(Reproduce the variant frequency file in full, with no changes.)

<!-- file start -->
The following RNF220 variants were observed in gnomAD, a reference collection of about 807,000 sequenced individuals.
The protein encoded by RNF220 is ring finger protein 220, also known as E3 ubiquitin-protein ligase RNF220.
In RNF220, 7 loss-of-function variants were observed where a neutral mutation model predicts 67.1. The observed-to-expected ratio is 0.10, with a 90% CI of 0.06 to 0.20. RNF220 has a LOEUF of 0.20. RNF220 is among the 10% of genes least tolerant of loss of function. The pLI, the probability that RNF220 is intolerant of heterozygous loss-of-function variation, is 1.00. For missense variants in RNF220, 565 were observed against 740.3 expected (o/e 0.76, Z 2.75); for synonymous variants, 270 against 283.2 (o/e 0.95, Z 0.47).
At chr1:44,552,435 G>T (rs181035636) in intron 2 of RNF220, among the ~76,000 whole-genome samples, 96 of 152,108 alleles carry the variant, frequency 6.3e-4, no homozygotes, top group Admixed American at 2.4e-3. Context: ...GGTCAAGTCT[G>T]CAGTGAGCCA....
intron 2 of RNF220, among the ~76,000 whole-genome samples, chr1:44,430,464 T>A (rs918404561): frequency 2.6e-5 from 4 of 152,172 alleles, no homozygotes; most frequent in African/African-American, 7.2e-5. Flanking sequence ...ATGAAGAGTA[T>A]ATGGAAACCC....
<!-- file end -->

The following RNF220 variants were observed in gnomAD, a reference collection of about 807,000 sequenced individuals.
The protein encoded by RNF220 is ring finger protein 220, also known as E3 ubiquitin-protein ligase RNF220.
In RNF220, 7 loss-of-function variants were observed where a neutral mutation model predicts 67.1. The observed-to-expected ratio is 0.10, with a 90% CI of 0.06 to 0.20. RNF220 has a LOEUF of 0.20. RNF220 is among the 10% of genes least tolerant of loss of function. The pLI, the probability that RNF220 is intolerant of heterozygous loss-of-function variation, is 1.00. For missense variants in RNF220, 565 were observed against 740.3 expected (o/e 0.76, Z 2.75); for synonymous variants, 270 against 283.2 (o/e 0.95, Z 0.47).
At chr1:44,552,435 G>T (rs181035636) in intron 2 of RNF220, among the ~76,000 whole-genome samples, 96 of 152,108 alleles carry the variant, frequency 6.3e-4, no homozygotes, top group Admixed American at 2.4e-3. Context: ...GGTCAAGTCT[G>T]CAGTGAGCCA....
intron 2 of RNF220, among the ~76,000 whole-genome samples, chr1:44,430,464 T>A (rs918404561): frequency 2.6e-5 from 4 of 152,172 alleles, no homozygotes; most frequent in African/African-American, 7.2e-5. Flanking sequence ...ATGAAGAGTA[T>A]ATGGAAACCC....